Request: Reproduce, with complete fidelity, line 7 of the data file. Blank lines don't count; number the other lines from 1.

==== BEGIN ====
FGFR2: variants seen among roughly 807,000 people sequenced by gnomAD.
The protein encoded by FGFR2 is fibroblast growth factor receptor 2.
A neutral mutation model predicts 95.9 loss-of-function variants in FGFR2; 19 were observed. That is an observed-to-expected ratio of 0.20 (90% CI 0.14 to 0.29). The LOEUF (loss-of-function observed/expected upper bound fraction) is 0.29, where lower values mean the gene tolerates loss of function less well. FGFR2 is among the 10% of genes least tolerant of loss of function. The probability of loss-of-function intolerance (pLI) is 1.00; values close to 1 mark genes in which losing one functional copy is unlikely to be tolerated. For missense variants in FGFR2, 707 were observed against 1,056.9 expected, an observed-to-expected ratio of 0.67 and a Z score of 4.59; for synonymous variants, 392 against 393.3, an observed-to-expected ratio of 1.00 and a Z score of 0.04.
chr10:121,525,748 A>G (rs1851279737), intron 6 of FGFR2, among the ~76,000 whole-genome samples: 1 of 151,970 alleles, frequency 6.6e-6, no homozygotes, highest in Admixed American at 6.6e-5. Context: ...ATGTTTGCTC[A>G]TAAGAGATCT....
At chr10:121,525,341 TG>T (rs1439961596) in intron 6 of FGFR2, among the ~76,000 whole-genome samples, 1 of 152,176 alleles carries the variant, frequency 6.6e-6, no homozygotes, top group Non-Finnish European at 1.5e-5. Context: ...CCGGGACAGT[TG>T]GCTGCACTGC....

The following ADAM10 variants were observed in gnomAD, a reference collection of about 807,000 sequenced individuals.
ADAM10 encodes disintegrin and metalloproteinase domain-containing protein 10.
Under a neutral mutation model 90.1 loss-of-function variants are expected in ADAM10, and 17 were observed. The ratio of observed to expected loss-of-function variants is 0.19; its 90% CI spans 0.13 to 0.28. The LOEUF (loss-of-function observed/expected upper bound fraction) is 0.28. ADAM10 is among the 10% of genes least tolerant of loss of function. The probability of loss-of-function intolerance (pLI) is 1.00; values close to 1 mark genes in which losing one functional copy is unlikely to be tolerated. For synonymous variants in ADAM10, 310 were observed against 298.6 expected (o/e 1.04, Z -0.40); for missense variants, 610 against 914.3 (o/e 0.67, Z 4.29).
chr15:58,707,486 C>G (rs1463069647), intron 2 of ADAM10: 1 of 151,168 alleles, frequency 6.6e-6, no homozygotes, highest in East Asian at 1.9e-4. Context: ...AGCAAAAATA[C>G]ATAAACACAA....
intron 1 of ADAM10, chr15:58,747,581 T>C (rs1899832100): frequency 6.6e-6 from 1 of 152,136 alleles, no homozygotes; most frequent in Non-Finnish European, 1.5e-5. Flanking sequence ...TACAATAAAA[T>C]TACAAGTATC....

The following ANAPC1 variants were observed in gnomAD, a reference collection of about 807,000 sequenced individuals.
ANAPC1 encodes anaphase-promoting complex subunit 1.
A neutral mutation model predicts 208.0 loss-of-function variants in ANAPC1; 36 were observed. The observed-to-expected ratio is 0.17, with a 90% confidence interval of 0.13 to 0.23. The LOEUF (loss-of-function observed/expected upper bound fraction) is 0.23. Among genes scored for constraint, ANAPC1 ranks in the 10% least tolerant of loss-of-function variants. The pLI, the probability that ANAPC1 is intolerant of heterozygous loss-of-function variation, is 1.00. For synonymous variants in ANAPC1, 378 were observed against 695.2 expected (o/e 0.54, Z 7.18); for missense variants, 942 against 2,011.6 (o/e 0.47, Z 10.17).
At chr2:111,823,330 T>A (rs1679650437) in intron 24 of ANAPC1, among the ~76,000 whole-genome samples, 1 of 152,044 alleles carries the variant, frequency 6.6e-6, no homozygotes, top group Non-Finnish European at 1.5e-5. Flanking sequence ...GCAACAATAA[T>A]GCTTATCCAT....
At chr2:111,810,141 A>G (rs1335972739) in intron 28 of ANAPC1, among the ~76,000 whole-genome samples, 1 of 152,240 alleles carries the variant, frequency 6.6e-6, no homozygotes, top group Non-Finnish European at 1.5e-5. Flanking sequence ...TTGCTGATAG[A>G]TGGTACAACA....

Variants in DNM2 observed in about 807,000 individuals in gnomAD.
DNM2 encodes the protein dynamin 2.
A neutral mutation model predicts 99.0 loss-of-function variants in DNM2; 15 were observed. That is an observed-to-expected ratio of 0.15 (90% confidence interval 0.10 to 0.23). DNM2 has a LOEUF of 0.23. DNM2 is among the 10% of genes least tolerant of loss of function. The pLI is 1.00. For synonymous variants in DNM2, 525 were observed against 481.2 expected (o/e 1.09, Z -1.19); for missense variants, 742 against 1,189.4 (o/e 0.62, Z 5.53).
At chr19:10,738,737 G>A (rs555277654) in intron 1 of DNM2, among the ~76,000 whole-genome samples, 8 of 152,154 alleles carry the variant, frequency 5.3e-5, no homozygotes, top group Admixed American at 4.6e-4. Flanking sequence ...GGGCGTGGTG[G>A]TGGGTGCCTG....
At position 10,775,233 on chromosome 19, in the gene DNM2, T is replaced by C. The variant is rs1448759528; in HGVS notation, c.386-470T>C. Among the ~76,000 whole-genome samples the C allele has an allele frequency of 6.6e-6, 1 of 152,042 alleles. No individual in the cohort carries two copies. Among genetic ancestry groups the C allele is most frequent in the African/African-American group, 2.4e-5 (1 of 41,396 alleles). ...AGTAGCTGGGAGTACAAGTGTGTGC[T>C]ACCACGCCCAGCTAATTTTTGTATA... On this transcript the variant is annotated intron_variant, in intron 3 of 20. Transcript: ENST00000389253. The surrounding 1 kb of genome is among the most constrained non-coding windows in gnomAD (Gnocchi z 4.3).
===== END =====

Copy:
ADAM10 encodes disintegrin and metalloproteinase domain-containing protein 10.